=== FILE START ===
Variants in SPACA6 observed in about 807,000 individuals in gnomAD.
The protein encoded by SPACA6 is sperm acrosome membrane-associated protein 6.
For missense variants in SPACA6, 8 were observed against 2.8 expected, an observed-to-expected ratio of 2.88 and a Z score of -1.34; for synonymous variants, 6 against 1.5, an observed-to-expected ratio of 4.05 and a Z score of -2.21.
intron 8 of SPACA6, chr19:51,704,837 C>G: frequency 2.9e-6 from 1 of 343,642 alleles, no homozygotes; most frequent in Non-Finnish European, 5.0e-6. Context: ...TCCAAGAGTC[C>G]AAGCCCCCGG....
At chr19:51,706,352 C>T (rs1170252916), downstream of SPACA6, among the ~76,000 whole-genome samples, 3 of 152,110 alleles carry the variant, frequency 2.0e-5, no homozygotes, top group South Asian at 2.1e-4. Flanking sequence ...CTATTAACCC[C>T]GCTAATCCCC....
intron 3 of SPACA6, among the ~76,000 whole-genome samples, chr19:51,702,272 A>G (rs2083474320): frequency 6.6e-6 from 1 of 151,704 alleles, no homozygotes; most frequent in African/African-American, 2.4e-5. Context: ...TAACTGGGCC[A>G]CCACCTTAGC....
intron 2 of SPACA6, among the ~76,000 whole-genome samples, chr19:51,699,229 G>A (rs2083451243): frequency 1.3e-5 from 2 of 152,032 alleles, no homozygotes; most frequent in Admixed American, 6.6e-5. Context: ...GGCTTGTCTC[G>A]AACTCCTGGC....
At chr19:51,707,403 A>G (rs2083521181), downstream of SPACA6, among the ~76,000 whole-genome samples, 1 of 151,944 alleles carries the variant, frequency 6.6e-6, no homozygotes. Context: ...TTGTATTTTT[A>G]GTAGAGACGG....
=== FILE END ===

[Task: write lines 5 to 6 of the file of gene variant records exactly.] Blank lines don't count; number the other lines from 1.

At chr19:51,706,352 C>T (rs1170252916), downstream of SPACA6, among the ~76,000 whole-genome samples, 3 of 152,110 alleles carry the variant, frequency 2.0e-5, no homozygotes, top group South Asian at 2.1e-4. Flanking sequence ...CTATTAACCC[C>T]GCTAATCCCC....
intron 3 of SPACA6, among the ~76,000 whole-genome samples, chr19:51,702,272 A>G (rs2083474320): frequency 6.6e-6 from 1 of 151,704 alleles, no homozygotes; most frequent in African/African-American, 2.4e-5. Context: ...TAACTGGGCC[A>G]CCACCTTAGC....